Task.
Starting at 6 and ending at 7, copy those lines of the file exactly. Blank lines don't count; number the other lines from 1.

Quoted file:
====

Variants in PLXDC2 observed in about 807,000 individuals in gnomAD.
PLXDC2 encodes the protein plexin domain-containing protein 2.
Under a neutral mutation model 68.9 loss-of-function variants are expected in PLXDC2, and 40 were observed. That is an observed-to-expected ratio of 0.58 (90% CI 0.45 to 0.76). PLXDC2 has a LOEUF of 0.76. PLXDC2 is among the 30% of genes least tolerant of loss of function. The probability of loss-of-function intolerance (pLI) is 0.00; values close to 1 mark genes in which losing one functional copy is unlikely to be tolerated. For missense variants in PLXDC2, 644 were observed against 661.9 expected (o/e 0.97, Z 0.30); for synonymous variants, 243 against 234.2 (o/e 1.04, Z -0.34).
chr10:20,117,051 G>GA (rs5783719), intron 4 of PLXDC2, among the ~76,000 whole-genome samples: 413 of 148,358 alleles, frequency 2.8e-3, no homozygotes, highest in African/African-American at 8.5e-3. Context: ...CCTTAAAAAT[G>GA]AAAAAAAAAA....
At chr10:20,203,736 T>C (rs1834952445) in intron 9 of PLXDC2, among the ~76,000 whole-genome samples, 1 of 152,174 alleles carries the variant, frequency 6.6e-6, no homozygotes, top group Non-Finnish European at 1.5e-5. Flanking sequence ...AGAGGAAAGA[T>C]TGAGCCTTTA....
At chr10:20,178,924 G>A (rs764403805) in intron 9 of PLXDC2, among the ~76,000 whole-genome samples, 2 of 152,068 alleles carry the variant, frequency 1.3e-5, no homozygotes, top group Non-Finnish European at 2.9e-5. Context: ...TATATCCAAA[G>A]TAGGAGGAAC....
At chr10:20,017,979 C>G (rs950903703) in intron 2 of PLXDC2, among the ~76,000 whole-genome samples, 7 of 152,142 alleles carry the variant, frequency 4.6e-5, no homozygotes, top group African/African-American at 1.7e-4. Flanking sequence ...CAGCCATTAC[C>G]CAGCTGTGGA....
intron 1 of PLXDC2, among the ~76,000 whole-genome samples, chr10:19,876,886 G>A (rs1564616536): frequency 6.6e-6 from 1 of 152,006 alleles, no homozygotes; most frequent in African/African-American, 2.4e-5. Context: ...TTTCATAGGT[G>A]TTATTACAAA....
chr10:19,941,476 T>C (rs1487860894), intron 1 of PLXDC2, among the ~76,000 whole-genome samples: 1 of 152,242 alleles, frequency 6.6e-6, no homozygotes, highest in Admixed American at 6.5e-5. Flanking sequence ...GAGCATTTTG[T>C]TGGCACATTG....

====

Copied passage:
At chr10:20,178,924 G>A (rs764403805) in intron 9 of PLXDC2, among the ~76,000 whole-genome samples, 2 of 152,068 alleles carry the variant, frequency 1.3e-5, no homozygotes, top group Non-Finnish European at 2.9e-5. Context: ...TATATCCAAA[G>A]TAGGAGGAAC....
At chr10:20,017,979 C>G (rs950903703) in intron 2 of PLXDC2, among the ~76,000 whole-genome samples, 7 of 152,142 alleles carry the variant, frequency 4.6e-5, no homozygotes, top group African/African-American at 1.7e-4. Flanking sequence ...CAGCCATTAC[C>G]CAGCTGTGGA....